Take some of your knitting or craftwork – People like to look and touch things as well as sit and listen. Bringing physical items to show people, takes the emphasis off you alone, it stimulates conversation with your viewers and makes it more of an interaction between presenter and audience. It also encourages more questions from people, who may ask about techniques or other issues pertaining to your work. All this makes the talk more interesting for everyone, when people are questioning and chipping in with their own comments or ides.

Do you have anything to sell? – If you specialise in baby bonnets, take some. If you knit to order, don’t forget your business cards. Wear your own knitted or hand crafted garments. This is to promote sales. Whether your talk is paid, or unpaid, you might as well try to generate some extra money while you are there. Encourage people to pass your details on to other people too.

Q and A – Always have a ‘question and answer’ session at the end. This lengthens your talk and brings in lots of other interesting conversation by your audience. This is usually the part of a presentation where everyone, including yourself, are more relaxed and conversation, and sometimes laughter, can flow.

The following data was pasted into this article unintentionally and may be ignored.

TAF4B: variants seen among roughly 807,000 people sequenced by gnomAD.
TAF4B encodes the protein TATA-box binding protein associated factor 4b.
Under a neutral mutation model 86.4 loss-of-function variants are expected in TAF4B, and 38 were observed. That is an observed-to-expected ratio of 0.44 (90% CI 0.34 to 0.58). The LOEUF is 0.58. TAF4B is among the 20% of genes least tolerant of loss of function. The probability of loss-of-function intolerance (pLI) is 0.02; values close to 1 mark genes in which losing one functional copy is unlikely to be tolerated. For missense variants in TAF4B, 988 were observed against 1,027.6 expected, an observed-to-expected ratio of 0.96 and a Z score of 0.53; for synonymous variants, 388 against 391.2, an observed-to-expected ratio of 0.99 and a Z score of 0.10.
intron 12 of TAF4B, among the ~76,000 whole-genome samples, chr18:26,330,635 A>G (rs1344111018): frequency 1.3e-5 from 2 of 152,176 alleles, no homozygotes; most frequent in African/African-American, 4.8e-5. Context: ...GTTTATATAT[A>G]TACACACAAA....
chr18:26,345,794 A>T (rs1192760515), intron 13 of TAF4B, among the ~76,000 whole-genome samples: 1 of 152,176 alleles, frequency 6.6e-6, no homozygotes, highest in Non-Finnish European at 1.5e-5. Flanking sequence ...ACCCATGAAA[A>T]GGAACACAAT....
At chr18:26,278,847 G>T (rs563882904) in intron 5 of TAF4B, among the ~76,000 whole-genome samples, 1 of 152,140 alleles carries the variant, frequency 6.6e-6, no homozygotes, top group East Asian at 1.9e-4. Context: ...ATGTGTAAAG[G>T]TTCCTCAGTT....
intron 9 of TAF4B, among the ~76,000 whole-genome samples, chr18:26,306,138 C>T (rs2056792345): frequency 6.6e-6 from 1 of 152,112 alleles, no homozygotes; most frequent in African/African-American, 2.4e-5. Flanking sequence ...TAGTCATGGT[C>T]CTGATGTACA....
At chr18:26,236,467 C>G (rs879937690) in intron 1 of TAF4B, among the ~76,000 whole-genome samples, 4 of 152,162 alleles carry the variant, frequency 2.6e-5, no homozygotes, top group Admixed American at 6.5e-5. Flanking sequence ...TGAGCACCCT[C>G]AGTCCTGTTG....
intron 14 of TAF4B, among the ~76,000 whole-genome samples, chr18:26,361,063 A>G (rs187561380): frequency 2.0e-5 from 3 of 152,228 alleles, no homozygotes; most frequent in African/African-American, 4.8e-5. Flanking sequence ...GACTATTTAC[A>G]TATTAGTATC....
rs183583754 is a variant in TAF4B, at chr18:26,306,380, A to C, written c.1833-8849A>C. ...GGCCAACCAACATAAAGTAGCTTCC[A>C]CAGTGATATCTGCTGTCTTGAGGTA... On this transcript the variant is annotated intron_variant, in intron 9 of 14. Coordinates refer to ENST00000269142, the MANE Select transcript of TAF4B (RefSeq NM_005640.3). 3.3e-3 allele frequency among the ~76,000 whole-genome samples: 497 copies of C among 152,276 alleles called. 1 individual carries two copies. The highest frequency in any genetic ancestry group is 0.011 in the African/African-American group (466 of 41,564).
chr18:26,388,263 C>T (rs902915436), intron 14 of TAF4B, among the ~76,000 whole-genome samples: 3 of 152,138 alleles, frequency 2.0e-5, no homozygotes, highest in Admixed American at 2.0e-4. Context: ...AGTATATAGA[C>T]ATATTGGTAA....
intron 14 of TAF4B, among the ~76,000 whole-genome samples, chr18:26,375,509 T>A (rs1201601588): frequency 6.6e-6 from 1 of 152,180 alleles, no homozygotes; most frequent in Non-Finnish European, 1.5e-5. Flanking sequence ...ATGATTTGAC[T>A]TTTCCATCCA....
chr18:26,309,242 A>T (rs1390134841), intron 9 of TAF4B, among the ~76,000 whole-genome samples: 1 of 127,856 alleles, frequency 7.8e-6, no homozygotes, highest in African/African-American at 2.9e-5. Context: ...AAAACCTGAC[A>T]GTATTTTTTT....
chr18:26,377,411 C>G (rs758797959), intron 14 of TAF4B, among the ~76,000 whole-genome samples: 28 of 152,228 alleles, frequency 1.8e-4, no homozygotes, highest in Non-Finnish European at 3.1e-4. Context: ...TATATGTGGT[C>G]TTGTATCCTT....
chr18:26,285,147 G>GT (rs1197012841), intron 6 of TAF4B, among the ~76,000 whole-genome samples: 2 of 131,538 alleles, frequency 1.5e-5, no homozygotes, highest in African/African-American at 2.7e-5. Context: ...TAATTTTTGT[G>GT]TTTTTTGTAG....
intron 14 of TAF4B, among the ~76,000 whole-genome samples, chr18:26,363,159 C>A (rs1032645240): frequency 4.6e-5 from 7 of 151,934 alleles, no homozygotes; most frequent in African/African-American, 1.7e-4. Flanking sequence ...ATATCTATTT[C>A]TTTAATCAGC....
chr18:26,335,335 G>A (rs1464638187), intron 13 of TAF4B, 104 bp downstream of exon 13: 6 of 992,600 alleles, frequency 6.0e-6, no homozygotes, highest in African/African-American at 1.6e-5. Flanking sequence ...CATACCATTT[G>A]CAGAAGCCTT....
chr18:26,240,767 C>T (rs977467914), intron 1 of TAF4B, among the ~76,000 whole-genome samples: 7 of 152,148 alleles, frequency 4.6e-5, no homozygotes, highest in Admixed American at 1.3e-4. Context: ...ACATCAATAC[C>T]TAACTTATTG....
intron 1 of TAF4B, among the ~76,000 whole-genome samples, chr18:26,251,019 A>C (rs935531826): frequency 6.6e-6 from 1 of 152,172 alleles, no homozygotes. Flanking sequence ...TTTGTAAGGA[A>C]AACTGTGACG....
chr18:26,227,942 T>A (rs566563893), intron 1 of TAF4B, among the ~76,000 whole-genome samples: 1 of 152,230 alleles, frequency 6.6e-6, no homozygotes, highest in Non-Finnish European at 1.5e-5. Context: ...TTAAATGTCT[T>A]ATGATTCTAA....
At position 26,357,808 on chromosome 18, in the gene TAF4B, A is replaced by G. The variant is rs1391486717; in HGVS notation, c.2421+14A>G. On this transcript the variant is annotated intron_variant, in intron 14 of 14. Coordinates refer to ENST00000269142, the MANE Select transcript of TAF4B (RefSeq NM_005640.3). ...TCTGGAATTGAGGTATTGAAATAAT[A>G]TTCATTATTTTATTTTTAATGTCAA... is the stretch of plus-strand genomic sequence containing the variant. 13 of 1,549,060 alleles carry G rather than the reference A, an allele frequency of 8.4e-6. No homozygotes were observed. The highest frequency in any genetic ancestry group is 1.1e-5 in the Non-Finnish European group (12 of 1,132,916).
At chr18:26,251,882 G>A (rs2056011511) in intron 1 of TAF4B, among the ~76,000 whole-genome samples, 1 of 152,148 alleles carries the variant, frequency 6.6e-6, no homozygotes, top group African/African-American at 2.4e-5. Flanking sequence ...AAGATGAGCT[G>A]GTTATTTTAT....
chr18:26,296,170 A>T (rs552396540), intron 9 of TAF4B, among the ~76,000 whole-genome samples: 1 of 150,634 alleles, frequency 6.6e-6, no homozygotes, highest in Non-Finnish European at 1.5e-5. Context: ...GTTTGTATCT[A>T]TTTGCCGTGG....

Finally, it’s easy to say try not to be nervous… that’s not really very helpful, because even the most seasoned speaker can get butterflies in the tummy on occasion. What is helpful, is to remember that your audience want you to be there. They have chosen you to come along and talk, so they are already interested in what you have to say. Your audience will be on your side. They share the same interests as you, otherwise they wouldn’t be there, so if you look at it in these terms, it is easier to feel confident about your upcoming talk.

The Past And Present Of Perfumery

The word perfume refers to a pleasant scent produced from a concoction of aromatic compounds, scented essential oils, solvents and fixatives. The term has been derived from “per fumus” which is a Latin word meaning ‘through smoke’. The art of perfume making or perfumery initiated in ancient Egypt; but the Arabs and the Romans were the ones who upgraded and refined the concept further. Perfumes were also used in Asia but were based on incense sources.